Last May the season was over, but Rangers' future was still clouded by uncertainty.
Andy said: "I had a lump in my throat at the last match of the season against Motherwell at Ibrox. I am very sad and angry. I cannot forgive Craig Whyte (the club's then owner who had put it administration).
"My views on previous owner Sir David Murray are clouded by the fact he gave us great players and nine league titles in a row. We were all cheering him then.
"But I try to be positive ..."
Today, a year after it was plunged into administration, Andy is a lot more positive about the club he has supported since he was a boy and he is full of praise for the fans who have remained super-loyal.
First things first. Andy's earliest Rangers' experience dates to 1945 just six months after the Second World War ended.
His dad was a Third Lanark supporter. The rest of the family supported Clyde.
His uncle Joe, a Rangers' fan from Bridgeton, told him: "There's no way you're going to Shawfield. You're coming with me."
Andy said: "Joe is long gone now, but he always said I sat on his shoulders at the Moscow Dynamo game at Ibrox in November 1945.
"Dynamo were a world-famous team and I think there was a crowd of 95,000 there. It was a two-all draw."
In fact, Rangers recovered from 2-0 down to equalise through Jimmy Smith and George Young and a two-minute British Pathe newsreel clip with highlights of the game can still be seen online.
Andy's love affair with the club grew from there and has lasted to this day. But a shiver runs down his spine when he thinks back to the events that overtook Rangers.
"At the time it was happening, we were blaming everybody.
"But what happened was that The Chancer – I wouldn't even say his name – came in and treated a great Scottish institution like Rangers as if it were just another company."
The Chancer is the club's former owner, Craig Whyte.
Andy said: "He told a press conference he had always been a Rangers' fan, that he had been taken there by his dad when he was 11 and 12. But when he said he couldn't remember the names of any favourite players, that raised some eyebrows.
"He forgot it was a football club. That has been proved by the supporters.
"Bear in mind that 47,500 of them turned up on a Friday night to see an old-crocks' match between AC Milan legends and Rangers' ex-players.
"And the kick-off had to be delayed 15 minutes because the crowd was so large. The Italians couldn't believe it.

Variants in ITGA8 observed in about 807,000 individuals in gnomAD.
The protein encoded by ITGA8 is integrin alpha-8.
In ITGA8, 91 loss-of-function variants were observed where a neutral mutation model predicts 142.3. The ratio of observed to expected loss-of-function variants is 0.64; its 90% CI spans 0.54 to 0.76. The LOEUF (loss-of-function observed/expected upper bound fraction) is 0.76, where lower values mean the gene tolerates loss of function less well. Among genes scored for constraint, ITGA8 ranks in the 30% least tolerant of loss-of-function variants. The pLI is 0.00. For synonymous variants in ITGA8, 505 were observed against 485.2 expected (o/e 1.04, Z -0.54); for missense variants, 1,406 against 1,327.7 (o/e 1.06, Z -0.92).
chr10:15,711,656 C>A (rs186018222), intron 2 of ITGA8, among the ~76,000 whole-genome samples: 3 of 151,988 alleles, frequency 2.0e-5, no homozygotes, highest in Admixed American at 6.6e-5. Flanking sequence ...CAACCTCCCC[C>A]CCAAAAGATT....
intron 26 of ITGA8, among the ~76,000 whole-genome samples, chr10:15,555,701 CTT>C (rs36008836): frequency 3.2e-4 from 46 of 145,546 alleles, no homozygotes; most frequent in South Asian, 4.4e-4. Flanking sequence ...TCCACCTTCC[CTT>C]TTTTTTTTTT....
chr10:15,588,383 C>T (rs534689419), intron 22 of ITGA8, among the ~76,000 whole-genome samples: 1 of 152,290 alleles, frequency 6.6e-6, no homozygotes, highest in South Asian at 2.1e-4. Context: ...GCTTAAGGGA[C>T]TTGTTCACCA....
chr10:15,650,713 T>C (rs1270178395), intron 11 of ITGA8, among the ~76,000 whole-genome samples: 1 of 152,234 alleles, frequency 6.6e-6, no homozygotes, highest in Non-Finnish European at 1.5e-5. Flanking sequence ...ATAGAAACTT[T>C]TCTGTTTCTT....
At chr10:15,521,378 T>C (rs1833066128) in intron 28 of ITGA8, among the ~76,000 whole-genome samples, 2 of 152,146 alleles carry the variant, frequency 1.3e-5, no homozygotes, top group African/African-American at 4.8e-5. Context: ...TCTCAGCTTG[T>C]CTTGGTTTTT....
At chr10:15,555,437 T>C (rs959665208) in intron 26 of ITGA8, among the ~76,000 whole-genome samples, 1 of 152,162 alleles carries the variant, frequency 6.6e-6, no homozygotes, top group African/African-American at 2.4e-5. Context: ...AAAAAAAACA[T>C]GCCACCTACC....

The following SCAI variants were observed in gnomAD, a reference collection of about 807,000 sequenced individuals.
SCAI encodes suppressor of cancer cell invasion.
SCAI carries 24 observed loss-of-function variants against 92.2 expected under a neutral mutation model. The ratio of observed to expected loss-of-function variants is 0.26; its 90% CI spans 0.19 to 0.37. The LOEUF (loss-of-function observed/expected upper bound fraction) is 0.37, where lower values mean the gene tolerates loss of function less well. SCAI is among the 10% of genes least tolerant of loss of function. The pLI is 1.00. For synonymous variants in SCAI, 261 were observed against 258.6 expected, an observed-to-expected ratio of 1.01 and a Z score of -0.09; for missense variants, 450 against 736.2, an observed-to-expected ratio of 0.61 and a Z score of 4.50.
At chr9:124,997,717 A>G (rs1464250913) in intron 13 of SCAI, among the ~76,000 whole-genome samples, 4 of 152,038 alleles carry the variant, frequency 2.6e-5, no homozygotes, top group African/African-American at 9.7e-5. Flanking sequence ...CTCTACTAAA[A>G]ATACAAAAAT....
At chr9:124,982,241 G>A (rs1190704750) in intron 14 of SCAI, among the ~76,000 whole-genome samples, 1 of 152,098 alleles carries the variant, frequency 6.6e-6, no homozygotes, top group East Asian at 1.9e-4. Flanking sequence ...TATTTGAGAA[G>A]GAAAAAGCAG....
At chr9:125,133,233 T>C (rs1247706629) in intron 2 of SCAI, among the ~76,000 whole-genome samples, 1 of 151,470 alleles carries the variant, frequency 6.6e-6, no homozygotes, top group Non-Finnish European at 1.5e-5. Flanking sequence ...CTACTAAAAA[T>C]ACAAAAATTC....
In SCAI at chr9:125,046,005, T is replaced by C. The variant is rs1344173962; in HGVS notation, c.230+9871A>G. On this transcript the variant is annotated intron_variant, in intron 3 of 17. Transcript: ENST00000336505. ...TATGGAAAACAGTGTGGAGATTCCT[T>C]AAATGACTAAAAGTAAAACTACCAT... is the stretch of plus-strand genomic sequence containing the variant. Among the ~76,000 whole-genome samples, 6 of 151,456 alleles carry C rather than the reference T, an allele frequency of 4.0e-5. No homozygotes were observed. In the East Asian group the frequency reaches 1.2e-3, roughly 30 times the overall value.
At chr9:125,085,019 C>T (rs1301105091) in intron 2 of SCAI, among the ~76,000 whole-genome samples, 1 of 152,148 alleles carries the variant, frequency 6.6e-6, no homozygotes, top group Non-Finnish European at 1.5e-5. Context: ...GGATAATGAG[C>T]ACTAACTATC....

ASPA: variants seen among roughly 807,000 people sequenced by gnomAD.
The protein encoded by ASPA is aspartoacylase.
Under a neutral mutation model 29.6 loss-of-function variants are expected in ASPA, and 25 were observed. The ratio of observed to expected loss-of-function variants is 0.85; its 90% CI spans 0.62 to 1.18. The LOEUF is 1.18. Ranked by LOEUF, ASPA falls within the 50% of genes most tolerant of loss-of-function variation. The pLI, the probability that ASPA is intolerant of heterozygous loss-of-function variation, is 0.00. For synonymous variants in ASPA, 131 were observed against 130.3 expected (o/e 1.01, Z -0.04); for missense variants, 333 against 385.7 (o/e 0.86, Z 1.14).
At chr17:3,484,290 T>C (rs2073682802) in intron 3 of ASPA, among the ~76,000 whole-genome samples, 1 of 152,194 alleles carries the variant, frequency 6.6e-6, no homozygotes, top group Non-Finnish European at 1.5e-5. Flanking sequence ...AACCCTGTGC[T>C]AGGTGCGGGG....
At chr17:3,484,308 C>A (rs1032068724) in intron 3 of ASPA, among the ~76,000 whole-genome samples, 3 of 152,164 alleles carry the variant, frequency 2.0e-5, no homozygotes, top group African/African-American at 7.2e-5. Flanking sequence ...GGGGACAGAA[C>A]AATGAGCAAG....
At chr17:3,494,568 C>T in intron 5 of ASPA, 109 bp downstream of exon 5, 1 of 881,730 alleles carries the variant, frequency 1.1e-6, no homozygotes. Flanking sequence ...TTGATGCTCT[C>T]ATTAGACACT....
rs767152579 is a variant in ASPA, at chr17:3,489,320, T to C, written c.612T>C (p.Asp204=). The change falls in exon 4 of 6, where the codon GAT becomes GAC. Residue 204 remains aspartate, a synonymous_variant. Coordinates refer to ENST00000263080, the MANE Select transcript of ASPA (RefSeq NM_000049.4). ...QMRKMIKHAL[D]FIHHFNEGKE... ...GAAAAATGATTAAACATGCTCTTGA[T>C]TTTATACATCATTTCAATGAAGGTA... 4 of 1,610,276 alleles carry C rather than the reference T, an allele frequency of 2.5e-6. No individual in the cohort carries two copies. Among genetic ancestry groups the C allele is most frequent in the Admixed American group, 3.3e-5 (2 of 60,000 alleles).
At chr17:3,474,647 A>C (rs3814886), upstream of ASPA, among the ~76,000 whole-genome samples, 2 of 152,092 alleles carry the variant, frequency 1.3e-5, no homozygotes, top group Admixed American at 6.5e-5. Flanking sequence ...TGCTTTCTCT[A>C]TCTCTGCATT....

"We now get 45,000 at Ibrox for a Third Division match. That is unheard of."
Andy has missed only three Rangers games this season, including the Scottish Cup game v Dundee United the weekend before last.
"I wasn't going to boycott it," he says, referring to a call by Rangers' chief executive Charles Green.
"I was desperate to go, but something came up and I couldn't go.
"There have been some strange things this season, though.
"Normally, when Rangers play at Hampden, it's a cup final or semi-final. But there we were, playing a Third Division match against Queen's Park, in front of 30,000 people, which was amazing.
"We won 1-0 - and it was the first time for years we had won there and then didn't climb the staircase to collect a trophy. All we got was three points.
"This whole thing about Rangers has brought some of the humour back, though.
"The team is going to places like Berwick, Elgin and Montrose.
"Peterhead, too – imagine going all the way to Peterhead to see your team, and coming back smelling of fish.
"It's a great adventure, and the league has more or less been won, even if we are out of all the cups.
"We have maybe five or six young players in the team, including some I think will really make it – Lewis Macleod, Barry McKay, Kyle Hutton and Robbie Crawford. It's proof Murray Park (the club's training ground) can produce some really good players.
"We have also got pros who have played in the SPL who have been finding out the Third Division is a completely different ball game."
One of the great Rangers' quotes from last year's crisis came from manager Ally McCoist.
When asked if he would quit, he said: "This is my club, the same as it is for thousands and thousands of Rangers supporters. We don't do walking away."
Looking back, was Andy ever tempted to walk away?
He said: "Never. Rangers is in the blood. I know fans who would not get married on the day of a game.
"I remember Willie Waddell (former player and manager) standing in the centre circle years ago with a microphone.
"He said the club meant so much to many people. "
For good measure, he refers to the words of one club song, 'Rangers 'Til I Die.'
The message is clear. No matter what has happened, Andy is a Rangers' fan until he dies.
Tomorrow: Meet the fan whose family has followed Rangers for three generations
ANDY Cameron has followed Rangers since 1945, enjoying the club's many triumphs and having also seen it suffering numerous lows.
But he admits the events of February 14 last year, when the club went into administration left him – and every other Rangers' fan – stunned.
One year on, the comedian talks about his memories of that day – and about why he remains loyal to the boys in blue -